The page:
- A fix-up of 16 stories
- First published in 1952
- This edition published by Harper Voyager
- A collection of many genres
- 294 pages
There is a man who wanders the world with disaster and death following in his wake. This man can easily be recognised by his many tattoos. Tattoos that move and change. Tattoos that each have their own story . . .
Let me put this up front. There are short story collections, anthologies, and fix-ups. A collection is the work of a single author. An anthology is the work of multiple authors gathered by an editor. A fix-up is a group of short stories that have been arranged into an overarching narrative. This is all pretty simple, and largely unimportant in the grand scheme of things. But if we’re not being pedantic, are we really science fiction fans? I mention all of this because The Illustrated Man sets itself up as a fix-up, then almost immediately falls over. The narrative conceit employed to connect the stories (which have no other connection) is that all are depicted in the tattoos of a mysterious wanderer. This features in a prologue, an epilogue, and as an insert into one story. Other than that, the framing narrative simply does not exist. Aside from being an incredibly lacklustre link between stories, it doesn’t have any relevance to the stories themselves. It leaves me with one burning question. Why would Ray Bradbury, in all his wisdom and skill, not just drop it all together and leave the stories to stand alone. Probably marketing, but hey ho. On to the stories themselves.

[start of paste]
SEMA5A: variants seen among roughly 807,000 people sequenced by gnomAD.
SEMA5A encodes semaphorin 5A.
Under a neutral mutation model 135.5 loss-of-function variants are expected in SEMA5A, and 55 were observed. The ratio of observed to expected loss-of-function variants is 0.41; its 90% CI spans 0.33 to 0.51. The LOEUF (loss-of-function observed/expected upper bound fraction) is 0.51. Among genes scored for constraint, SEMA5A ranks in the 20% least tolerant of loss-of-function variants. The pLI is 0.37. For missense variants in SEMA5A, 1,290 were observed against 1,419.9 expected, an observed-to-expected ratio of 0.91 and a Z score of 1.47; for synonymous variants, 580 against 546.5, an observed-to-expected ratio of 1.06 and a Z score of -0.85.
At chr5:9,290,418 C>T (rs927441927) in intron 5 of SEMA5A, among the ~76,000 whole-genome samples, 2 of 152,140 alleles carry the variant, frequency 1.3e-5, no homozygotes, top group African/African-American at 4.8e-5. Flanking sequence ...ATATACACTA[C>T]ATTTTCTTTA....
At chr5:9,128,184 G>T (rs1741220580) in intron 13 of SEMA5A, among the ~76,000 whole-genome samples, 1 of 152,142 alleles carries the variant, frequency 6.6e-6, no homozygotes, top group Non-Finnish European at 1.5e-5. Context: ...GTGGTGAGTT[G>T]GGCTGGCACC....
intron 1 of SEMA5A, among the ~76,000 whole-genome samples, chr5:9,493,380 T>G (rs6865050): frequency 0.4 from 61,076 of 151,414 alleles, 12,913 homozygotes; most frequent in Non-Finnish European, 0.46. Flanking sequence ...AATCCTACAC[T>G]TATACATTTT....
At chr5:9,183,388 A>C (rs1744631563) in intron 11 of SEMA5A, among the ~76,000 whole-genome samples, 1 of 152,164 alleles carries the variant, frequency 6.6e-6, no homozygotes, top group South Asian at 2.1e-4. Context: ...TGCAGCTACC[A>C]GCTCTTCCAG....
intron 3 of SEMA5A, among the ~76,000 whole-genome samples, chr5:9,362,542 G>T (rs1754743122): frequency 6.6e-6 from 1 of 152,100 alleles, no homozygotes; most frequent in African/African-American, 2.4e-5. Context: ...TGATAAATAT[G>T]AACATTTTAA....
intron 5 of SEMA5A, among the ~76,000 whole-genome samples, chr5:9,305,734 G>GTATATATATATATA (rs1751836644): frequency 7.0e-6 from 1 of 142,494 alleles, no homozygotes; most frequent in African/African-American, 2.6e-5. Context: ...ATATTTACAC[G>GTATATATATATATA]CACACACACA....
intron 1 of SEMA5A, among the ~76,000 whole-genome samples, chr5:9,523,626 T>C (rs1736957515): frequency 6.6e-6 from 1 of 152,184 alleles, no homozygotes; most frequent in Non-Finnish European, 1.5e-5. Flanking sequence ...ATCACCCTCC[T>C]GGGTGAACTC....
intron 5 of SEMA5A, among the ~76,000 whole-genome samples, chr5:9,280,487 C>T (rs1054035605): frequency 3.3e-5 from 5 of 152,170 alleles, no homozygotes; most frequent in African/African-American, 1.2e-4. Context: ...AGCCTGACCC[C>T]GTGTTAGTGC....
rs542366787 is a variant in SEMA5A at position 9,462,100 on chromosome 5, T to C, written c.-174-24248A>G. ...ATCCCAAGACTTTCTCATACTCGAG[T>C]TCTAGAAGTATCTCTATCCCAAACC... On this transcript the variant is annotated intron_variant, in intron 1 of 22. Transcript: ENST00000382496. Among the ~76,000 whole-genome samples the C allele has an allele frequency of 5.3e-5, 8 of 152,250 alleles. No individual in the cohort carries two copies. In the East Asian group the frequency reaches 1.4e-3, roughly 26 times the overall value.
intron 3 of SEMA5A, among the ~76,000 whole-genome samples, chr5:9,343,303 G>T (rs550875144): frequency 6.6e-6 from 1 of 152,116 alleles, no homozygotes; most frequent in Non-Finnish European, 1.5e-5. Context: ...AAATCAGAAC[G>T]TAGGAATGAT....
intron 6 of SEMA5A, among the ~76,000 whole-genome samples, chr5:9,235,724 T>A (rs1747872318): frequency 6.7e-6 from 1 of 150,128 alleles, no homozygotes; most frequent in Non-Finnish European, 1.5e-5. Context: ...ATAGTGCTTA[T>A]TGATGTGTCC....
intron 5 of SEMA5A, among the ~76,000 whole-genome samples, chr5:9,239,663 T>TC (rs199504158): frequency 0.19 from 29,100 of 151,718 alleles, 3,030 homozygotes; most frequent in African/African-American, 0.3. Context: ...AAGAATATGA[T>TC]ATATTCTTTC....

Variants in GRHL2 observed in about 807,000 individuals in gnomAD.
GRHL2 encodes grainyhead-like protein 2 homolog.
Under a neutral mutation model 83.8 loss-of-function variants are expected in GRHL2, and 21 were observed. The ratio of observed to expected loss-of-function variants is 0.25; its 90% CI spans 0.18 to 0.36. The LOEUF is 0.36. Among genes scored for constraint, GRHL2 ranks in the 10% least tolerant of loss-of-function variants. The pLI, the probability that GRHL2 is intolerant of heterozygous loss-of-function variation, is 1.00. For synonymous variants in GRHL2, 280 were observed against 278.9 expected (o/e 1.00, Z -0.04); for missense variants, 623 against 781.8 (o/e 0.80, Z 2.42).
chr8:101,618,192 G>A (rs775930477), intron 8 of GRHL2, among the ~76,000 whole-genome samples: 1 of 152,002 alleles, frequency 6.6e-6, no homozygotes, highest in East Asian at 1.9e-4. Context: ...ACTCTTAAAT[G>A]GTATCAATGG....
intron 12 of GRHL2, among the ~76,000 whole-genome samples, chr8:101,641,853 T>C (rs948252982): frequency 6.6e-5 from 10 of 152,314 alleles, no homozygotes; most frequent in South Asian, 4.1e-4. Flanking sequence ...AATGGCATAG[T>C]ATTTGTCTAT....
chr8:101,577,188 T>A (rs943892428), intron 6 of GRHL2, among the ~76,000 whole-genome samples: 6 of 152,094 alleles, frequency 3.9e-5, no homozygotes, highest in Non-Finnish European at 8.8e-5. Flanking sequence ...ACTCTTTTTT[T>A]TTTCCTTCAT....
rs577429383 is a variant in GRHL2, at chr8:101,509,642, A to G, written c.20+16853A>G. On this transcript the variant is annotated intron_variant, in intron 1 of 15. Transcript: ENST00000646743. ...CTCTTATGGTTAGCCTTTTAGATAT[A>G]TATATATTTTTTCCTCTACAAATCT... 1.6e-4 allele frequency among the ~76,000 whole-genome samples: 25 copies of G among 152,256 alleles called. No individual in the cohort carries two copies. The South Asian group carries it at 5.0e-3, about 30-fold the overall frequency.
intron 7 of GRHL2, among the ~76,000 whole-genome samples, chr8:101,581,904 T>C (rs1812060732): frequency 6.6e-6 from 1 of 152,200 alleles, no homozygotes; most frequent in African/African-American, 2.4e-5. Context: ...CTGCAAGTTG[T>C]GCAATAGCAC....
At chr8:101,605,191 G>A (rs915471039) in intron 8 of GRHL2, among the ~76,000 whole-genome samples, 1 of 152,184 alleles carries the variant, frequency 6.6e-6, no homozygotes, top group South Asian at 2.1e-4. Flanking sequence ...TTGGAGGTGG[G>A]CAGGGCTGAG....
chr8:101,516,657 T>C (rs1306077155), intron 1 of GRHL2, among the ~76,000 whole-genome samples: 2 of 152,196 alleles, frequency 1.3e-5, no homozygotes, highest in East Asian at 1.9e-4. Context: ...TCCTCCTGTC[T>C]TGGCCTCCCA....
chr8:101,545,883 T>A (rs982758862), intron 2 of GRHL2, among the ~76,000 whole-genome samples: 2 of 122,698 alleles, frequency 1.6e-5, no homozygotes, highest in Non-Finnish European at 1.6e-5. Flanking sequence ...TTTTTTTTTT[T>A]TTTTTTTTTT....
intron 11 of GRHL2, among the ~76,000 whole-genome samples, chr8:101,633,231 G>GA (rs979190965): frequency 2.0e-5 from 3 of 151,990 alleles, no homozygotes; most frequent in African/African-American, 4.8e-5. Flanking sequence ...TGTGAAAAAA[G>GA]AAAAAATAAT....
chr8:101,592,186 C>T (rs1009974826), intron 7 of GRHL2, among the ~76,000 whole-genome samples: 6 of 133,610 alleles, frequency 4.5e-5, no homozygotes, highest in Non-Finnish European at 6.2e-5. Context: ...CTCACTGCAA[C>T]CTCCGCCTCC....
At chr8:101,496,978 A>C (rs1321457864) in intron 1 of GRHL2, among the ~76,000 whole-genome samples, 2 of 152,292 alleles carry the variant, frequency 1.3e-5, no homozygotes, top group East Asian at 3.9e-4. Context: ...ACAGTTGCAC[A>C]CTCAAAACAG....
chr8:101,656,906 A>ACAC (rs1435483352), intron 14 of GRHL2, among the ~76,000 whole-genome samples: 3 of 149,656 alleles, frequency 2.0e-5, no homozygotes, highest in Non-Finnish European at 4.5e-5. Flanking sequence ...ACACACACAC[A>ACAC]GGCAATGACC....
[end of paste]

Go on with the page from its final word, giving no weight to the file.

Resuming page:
Ray Bradbury is one of those rare science fiction authors who has managed to gain traction in mainstream literature rather than being stomped back into the ghetto of science fiction by overzealous academics. Some of that success comes from the fame of Farenheit 451, but reading these stories, it’s easy to see why. These are stories that place as much focus on the presentation as on the content. Bradbury’s style is incredibly sparse. Even with a large font size, these stories rarely pass twenty pages. The sentences are incredibly simple. The delivery direct. A lot of these stories are not so much narratives as slices of life. And therein lies my dissatisfaction.
Call me a traditionalist, but I’m a big fan of stories in which things happen. Give me a scientific mystery. Give me a challenge. That’s not what you’ll find in The Illustrated Man. The stories here are more about creating mood than posing problems for the characters to overcome. To be fair, they are great at doing this. There’s a sense of loss and tragedy overhanging the whole collection. ‘Kaleidoscope’ sees a crew slowly dying in space as their rocket fails, and is bleak without losing its sense of wonder. ‘The Last Night of the World’ shows a couple dealing with the knowledge that the world is ending, and that all they can do is make their last moments peaceful. Multiple stories relate to nuclear annihilation, but from the perspective of these who survive unharmed. Even in the strongest story in the collection ‘The Long Rain’ the execution of soldiers is described so calmly that any sense of violence is robbed. This a fundamentally serene collection, which makes it different to a lot of others, but does leave the stories lacking in tension.
Bradbury is remembered as one of the USA’s great authors, and I think that might be part of my issue here. Being written in the 1950s, and focusing so much on small American families (in very traditional family units), this is a collection that feels rooted in a culture that I am not a part of. For those who live and grew up in the United States, the social connections will almost certainly hold more weight. But for a Brit like me, it feels more than a little hollow. A pretty enough shell of words, but not enough substance within.